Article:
Influencing from the inside
At the Blavatnik School of Government students are taught how to critically analyse, develop, and influence public policy. The tools and skills gained by students are universal and the ability to think about policy challenges through economic, philosophical, legal, scientific, and political lenses opens a wide array of professional paths. Graduates who decide to continue in the field, however, face a choice: should they seek to influence policy from the outside or the inside?
My own career has largely followed the latter. Prior to my
education, I worked as a political aide. Since graduating, I have been
fortunate enough to have been elected. I knew from a very young age that my
path to making a difference was going to be an ‘inside job’. That is not the
case for everyone.
If the end goal of a policy debate is to convince government to act
in a certain way, then we arrive at a question of motivation. How does one get
government to act in a particular way?
In advising political candidates on what issues to campaign on,
renowned strategist Lynton Crosby landed on four political criteria:
the issue salient?
it personally relevant?
it differentiate you from the other team?
voters consider this issue at the ballot box? (the classic ‘ballot box question’,
for our political insiders)
I would contend that the most successful groups at influencing
policy from the outside are those that coalesce around issues that naturally
tick off most of Crosby’s criteria. I think, for example, of low-tax movements,
small business advocates, or the environmental movement. Outsiders who can
build compelling cases that their issues fall into these categories are likely
to find success when attempting to persuade government – provided they can
Where this becomes infinitely more difficult is when issues do not tick off these boxes. Take, for example, support for individuals with developmental disabilities. While those with developmental disabilities invoke a great deal of empathy, the issue as a public policy challenge often lacks the aforementioned political criteria. For those removed from it, it lacks personal relevance and it is not particularly salient. Political opponents largely agree that support is needed, leaving little room for political 'wedging'. And rarely would you see an election fought over this issue in the same way topics like taxation, healthcare, or ethics often dominate electoral discourse.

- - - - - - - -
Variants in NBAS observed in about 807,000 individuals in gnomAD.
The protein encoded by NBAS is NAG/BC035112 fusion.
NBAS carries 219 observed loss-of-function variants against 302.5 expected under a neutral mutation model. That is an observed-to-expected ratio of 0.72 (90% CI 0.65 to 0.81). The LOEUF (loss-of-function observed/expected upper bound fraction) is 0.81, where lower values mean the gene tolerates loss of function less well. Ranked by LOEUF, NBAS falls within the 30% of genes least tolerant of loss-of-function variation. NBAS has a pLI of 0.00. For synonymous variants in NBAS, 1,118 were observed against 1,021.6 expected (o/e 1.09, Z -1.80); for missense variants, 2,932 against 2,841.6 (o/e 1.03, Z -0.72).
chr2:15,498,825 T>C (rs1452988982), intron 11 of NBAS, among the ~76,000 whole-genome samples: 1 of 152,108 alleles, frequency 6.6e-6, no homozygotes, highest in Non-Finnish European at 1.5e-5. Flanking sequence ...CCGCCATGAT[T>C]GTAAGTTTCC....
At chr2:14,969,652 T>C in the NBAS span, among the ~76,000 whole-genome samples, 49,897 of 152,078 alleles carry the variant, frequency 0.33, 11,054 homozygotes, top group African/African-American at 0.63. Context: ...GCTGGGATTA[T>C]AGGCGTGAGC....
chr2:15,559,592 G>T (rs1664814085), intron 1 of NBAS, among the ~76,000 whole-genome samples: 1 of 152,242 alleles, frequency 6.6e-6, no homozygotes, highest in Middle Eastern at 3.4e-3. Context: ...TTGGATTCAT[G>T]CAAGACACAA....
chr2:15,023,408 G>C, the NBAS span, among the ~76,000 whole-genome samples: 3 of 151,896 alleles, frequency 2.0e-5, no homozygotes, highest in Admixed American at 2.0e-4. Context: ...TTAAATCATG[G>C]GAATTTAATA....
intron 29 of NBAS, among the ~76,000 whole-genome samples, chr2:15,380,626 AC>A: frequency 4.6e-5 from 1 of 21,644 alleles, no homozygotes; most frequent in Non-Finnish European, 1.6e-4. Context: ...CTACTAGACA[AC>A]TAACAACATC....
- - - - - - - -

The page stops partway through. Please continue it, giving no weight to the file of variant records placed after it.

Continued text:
Because of this, those with developmental disabilities and their
families often struggle to achieve public policy changes. This is certainly the
case in Canada and, I suspect, around the world. It remains true despite the
plethora of wonderful and engaging work being done by those outside government
in the developmental services sector.
It is here where someone on the ‘inside’ can make all the
difference. With the
ability to pursue personal priorities, a politician can, for example, put an issue on the policy
Canada’s former Minister of Finance, the late Jim Flaherty, is
remembered for deftly navigating the country through the Great Recession,
helping us emerge competitively stronger than most of our G7 counterparts and
with a balanced budget to boot.
It is an impressive legacy which misses the relatively unknown
fact that Jim is probably the politician who did the most for people with
developmental disabilities in Canadian history. He introduced a powerful
savings tool for children with developmental disabilities called the Registered
Disabilities Savings Plan. He financed Canada’s first purpose-built and fully-accessible
community centre. And he invested heavily in employment initiatives for those
with developmental disabilities.
While many of those projects were pushed by outside groups, none
would have been as successful had Jim not taken personal interest in seeing